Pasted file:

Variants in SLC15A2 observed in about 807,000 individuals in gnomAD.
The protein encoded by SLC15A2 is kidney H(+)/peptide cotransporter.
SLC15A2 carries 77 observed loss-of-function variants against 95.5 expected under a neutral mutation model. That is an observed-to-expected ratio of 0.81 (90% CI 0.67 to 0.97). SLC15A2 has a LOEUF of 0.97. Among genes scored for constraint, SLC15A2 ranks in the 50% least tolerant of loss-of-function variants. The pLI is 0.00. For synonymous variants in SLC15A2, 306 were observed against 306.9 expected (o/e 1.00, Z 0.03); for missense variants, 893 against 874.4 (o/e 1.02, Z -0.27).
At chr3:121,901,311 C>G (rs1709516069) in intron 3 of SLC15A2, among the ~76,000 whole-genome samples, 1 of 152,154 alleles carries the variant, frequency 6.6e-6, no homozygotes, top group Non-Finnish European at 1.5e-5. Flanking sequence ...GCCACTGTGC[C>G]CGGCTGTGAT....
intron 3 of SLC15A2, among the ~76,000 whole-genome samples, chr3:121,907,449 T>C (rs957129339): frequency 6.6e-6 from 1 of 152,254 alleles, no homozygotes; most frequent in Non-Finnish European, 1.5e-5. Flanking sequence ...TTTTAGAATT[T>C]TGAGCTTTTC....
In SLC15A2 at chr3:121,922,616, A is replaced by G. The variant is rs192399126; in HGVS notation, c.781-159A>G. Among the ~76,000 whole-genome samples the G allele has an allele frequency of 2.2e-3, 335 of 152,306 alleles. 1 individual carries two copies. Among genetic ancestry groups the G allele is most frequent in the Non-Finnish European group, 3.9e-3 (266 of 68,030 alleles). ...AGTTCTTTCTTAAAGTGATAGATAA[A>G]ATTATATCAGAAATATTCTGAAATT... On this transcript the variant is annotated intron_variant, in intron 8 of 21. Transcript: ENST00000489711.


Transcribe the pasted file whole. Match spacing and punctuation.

Variants in SLC15A2 observed in about 807,000 individuals in gnomAD.
The protein encoded by SLC15A2 is kidney H(+)/peptide cotransporter.
SLC15A2 carries 77 observed loss-of-function variants against 95.5 expected under a neutral mutation model. That is an observed-to-expected ratio of 0.81 (90% CI 0.67 to 0.97). SLC15A2 has a LOEUF of 0.97. Among genes scored for constraint, SLC15A2 ranks in the 50% least tolerant of loss-of-function variants. The pLI is 0.00. For synonymous variants in SLC15A2, 306 were observed against 306.9 expected (o/e 1.00, Z 0.03); for missense variants, 893 against 874.4 (o/e 1.02, Z -0.27).
At chr3:121,901,311 C>G (rs1709516069) in intron 3 of SLC15A2, among the ~76,000 whole-genome samples, 1 of 152,154 alleles carries the variant, frequency 6.6e-6, no homozygotes, top group Non-Finnish European at 1.5e-5. Flanking sequence ...GCCACTGTGC[C>G]CGGCTGTGAT....
intron 3 of SLC15A2, among the ~76,000 whole-genome samples, chr3:121,907,449 T>C (rs957129339): frequency 6.6e-6 from 1 of 152,254 alleles, no homozygotes; most frequent in Non-Finnish European, 1.5e-5. Flanking sequence ...TTTTAGAATT[T>C]TGAGCTTTTC....
In SLC15A2 at chr3:121,922,616, A is replaced by G. The variant is rs192399126; in HGVS notation, c.781-159A>G. Among the ~76,000 whole-genome samples the G allele has an allele frequency of 2.2e-3, 335 of 152,306 alleles. 1 individual carries two copies. Among genetic ancestry groups the G allele is most frequent in the Non-Finnish European group, 3.9e-3 (266 of 68,030 alleles). ...AGTTCTTTCTTAAAGTGATAGATAA[A>G]ATTATATCAGAAATATTCTGAAATT... On this transcript the variant is annotated intron_variant, in intron 8 of 21. Transcript: ENST00000489711.